Here's hoping you roll a "20" on your next saving throw!

Wednesday, October 7, 2009

Half Year Mark

It was Dave Arneson's birthday about a week ago.  Unfortunately, Dave wasn't here to celebrate it; he passed away earlier this year.  In the midst of everything else, I took a moment to think about Dave and what he brought into the world with his marvelous creation of fantasy role-playing.  It reminded me that I had done the right thing six months ago.

Man, I miss him.

Tuesday, October 6, 2009

"Mistakes were made, Senator...."

One of the more difficult things to admit as a referee is when you make a mistake.  We like to think that mistakes are mostly of the "oops, didn't quite mean it that way" variety, but sometimes mistakes can be much bigger than that.

Probably my earliest big mistake came when I was running a Chivalry & Sorcery adventure for a bunch of players at my local game club.  They had encountered a barrow wight, and I ran through the entire encounter without taking into account the serious "fear" ability that the undead creature had.  The party went away with a bunch of loot, and I felt bad about it.  So when I went back to read up for the next adventure, I came across the rule about inflicting fear - and decided to re-run the entire encounter at the next club meeting.  There were howls of protest, but some of them actually went along with it.  Looking back on it 30 years later, I still recall this as a moment that I'm not at all proud of.  Re-running an encounter?  My older self says, "suck it up and learn from it for next time."

Somewhat more recently, I ran a D&D 3rd Edition campaign, with players who were...casual, shall we say, about in-game consequences of their actions.  It all came to a head when the paladin in the party started to bargain with the rogue in the party about how to quietly steal from (and possibly murder) a third player-character.  The player of the paladin seemed shocked that her deity just might have ideas about such dishonorable and ignoble behavior - and the rest of the party seemed as shocked as she was.  That group fell apart for that reason, amongst others.  It made me think carefully before starting a long-term campaign with people whose gaming style I was unfamiliar with.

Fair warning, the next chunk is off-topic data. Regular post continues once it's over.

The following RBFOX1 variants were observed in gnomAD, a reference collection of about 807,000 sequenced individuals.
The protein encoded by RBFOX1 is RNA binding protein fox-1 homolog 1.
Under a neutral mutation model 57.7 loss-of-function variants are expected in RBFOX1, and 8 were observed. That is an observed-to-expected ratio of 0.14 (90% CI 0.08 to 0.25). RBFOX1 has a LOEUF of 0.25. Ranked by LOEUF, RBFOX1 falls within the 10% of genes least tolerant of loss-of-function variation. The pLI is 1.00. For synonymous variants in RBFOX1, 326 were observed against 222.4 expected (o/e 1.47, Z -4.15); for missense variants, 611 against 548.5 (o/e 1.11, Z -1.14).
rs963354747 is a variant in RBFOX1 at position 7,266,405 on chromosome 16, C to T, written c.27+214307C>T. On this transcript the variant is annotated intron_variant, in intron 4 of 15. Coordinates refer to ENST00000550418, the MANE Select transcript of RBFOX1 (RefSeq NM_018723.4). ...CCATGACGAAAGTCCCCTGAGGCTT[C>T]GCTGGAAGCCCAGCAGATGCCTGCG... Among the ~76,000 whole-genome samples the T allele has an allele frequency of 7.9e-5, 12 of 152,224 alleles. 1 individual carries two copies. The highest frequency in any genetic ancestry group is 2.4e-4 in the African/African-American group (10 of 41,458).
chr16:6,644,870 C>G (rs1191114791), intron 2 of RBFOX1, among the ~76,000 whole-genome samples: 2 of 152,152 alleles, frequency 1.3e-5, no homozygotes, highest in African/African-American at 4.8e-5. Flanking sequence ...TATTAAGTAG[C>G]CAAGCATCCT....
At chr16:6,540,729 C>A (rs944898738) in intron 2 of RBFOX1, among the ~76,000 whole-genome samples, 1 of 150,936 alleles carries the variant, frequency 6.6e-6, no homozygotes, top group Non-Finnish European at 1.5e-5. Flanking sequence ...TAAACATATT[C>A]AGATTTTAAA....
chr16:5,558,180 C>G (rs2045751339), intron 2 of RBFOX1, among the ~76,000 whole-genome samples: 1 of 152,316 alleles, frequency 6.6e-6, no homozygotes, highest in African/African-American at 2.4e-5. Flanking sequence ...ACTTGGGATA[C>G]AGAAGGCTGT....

Not that long ago, I ended up running an espionage game that was supposed to transition into an Infinite Worlds campaign.  We had all gone to see The Bourne Identity, and my players were really pumped up about running spies and doing covert operations.  What I hadn't counted on was the complete disinterest on the part of the players to do any real world research about the organizations their characters worked for (CIA, MI5, the Mossad, etc.).  The mistake I made was then in providing them with NPCs who would feed them information.  Then practically every adventure session started with, "I call home; what do I find out?"

I'd love to be able to say that I've learned enough from all of these experiences (and many others) to have a coherent idea of What It All Means, and How To Improve Your Game in Three Easy Lessons, but it would not be true.  The reality is that I find myself having learned from some of these mistakes and doing a bit better - but that's about it.  Since I just moved, I don't have a regular gaming group right now, so I know I'm a little rusty....

...which means I'm likely to make a mistake or two in the future.  Here's to not rolling a 1 on my next saving throw!